Cotton candy has had an interesting and varied history since its emergence at in the last year of the nineteenth century, as speculation and uncertain surround its very creation. Historians are not exactly sure who it was that first invented the delicious candy treat loved by millions of circus and amusement parks across the country. Generally, four people are associated with the origins of cotton candy, and each one for slightly different reasons, and yet all have received recognition at different times as the inventor of cotton candy.
John C. Wharton and William Morrison, two candy makers from Tennessee, received a patent for their cotton candy machine in 1899. Their machine ran by electrical power and involved a process which melted and spun sugar through tiny holes using centrifugal force. Wharton and Morrison went on to introduce their amazing new invention at the St. Louis World's Fair in 1904.
Next we have Thomas Patton who received a separate patent around 1900 for different process of making cotton candy than that introduced by Wharton and Morrison. Patton had been experimenting with ways of caramelizing sugar and thereafter forming threads by the use of a big fork. In order to get the threads to spin and he employed a gas-fired rotating plate. Patton’s design worked well enough that he was able market his product at no less than the Ringley Brother’s Circus. Its resultant popularity with the children was hardly unexpected.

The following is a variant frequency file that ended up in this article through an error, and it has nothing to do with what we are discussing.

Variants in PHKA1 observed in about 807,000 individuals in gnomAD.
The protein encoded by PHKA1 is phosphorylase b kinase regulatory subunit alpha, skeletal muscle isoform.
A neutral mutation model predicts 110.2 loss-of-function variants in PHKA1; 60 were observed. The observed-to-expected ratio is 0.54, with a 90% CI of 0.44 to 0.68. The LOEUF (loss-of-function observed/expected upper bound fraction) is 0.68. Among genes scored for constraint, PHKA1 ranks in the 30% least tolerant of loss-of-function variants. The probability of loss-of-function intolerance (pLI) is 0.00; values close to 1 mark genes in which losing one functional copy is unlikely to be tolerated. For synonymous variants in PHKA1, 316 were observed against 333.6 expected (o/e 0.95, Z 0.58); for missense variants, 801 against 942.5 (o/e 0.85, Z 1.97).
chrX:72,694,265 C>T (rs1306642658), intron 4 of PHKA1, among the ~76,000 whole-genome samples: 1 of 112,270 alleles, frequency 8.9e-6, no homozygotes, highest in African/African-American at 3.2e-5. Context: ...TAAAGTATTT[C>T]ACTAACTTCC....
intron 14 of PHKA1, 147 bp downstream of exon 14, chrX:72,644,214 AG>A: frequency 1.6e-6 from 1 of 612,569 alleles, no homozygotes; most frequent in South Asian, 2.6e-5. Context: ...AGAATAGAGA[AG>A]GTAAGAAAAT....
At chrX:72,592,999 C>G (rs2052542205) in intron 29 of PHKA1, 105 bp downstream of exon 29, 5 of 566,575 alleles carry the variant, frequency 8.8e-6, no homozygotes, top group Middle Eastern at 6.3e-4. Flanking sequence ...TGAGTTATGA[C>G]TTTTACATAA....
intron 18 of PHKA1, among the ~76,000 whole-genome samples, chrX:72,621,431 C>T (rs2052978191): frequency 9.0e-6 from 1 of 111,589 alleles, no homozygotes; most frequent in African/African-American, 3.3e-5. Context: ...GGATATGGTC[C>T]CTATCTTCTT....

At about the same time that Patton was wowing circuses with his brand of cotton candy, a Louisiana dentist named Josef Delarose Lascaux had managed to create his own form of cotton candy which interestingly enough he offer at his dental practice. Unlike the others around at the time of cotton candy’s inception, Lascaux never received a single patent or trademark for the confection.
Here’s the more interesting question. How is cotton candy made?
Cotton candy is very simple to make. First sugar is melted into a liquid state by a built in heater and then it is spun in the cotton candy machine. The motion of the machine forces the liquefied sugar through thousands of tiny holes that shape and cool it. The moment these thin threads of sugar hit the air, they cool and re-solidify, so in the bowl of the machine a web of sugar threads develops that are collected and served on a stick or in a cone.